Is My Hip Causing Knee Pain?

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Hips causing knee pain

If you were like many of us who was stuck at home during the pandemic you likely started to experience some sort of joint pain-probably from either lack of movement, or sitting in a makeshift office at the dinner table.


One of the more common joint pains we are witnessing today in our physiotherapy clinic is a rise in chronic knee pain caused by the hip!

 

Think sitting for all day at a desk hunched over with added pressure to your hip leading to hip weaknesses, muscle imbalances and poor neuromuscular control.

 

Simply put the Knee Joint is made up of the femur (thigh bone) and the tibia and fibula (the lower limb bones). Also important is the patella – the knee cap in the front of the knee joint, known as floating bone in the middle of quadriceps ligament. Unlike the hip and ankle which can move in many ways and can compensate for muscle imbalances and weaknesses of the lower limb, the knee is a hinged joint which can move predominantly only through flexion and extension. There are only a few degrees of rotation available at the knee joint, which means that there is not much space for compensation. Muscle weakness and imbalances in the hip can increases forces directly on the knees, which can lead to non-optimal loading of the knee ligaments, cartilage, meniscus and which can potentially lead to a symptomatic knee.

 

At our physio clinic you can rely on an expert physiotherapist to assess your condition including mobility, weakness, and imbalances of your hip muscles, which often gets missed, to find the source of your knee pain.  

Here are 5 Easy exercises you can do at home to increase hip mobility and relieve some pain:

Sit in a comfortable position

Sit in a comfortable position on you sitting bones and bring your feet together as seen in the photo. Allow your knees to lower toward the ground as far as you feel comfortable. Try to open your knees even more until you feel a slight stretch in your inner tights. Try to hold for 10 second and then bring your knees a bit closer together. Repeat 10 times at your comfortable pace.

knees lower toward the ground

keep one knee bent and leg open from the hip joint and lengthen other leg in front of you and slightly on the side. Lean forward and try to reach with your hands as far as possible while keeping head and neck in alignment of C-shape with entire spine. You will feel slight stretch on the back side of your tight and maybe as well along your spine. To increase the stretch, bring your foot and toes toward you. Hold for 10 second and repeat on other side. Alternate between legs for up to 10 times.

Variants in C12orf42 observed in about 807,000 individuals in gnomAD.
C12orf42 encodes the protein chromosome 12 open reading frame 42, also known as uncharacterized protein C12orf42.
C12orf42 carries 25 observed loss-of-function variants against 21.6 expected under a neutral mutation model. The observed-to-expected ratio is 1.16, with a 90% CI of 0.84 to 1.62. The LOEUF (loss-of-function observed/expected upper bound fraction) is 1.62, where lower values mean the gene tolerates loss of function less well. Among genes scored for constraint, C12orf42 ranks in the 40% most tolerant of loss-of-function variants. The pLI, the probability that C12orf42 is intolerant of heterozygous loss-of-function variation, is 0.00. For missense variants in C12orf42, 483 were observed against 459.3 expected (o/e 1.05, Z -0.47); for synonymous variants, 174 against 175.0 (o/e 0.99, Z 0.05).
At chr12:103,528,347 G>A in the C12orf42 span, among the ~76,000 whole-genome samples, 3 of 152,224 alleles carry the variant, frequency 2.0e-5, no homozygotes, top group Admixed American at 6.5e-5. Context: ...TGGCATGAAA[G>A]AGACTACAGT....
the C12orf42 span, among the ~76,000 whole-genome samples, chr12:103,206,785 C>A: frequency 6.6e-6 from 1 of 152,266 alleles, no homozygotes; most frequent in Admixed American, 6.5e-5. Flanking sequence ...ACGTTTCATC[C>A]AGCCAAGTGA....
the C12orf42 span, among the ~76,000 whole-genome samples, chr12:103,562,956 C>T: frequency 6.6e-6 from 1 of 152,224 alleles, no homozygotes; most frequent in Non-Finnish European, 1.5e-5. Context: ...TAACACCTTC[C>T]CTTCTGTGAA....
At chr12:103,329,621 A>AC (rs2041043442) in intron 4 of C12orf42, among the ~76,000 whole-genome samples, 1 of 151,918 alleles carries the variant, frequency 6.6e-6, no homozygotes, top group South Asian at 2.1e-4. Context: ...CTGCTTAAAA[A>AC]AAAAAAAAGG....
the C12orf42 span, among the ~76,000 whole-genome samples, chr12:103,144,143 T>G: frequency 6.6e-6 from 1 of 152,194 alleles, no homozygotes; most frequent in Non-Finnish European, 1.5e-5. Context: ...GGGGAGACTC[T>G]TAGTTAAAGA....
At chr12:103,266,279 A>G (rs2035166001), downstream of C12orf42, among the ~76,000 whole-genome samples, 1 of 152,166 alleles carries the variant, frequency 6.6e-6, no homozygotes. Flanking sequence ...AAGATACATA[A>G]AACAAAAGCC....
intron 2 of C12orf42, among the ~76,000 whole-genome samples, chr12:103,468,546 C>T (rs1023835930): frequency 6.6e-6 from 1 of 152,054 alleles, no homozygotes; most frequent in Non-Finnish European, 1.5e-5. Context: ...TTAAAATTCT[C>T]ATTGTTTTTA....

knee bent and leg open

lay on your back with feet hip width apart and at a comfortable distance from your pelvis. Keep your arms alongside your body and lift your pelvis as high as it feels comfortable for you. Repeat for 10 times.

lay on your back

Position your body in 4 point kneeling position with knees below hips and hand below shoulders. Keep your spine in neutral position with head and neck aligned with the rest of your spine. With bend knee lift one leg on the side as far as you can without twisting your spine. Alternate between legs and repeat 10 times with each leg.

Position your body in 4 point kneeling position with knees below hips and hand below shoulders. Keep your spine in neutral position with head and neck aligned with the rest of your spine. With bend knee lift one leg on the side as far as you can without twisting your spine. Alternate between legs and repeat 10 times with each leg.

These contents of this article do not constitute medical advice, diagnoses, or treatment and is provided for educational purposes only. It is not meant to be a complete or exhaustive advice to any specific individual’s medical condition. Always consult with a qualified and licensed Physiotherapist or Medical Professional for individual advice.

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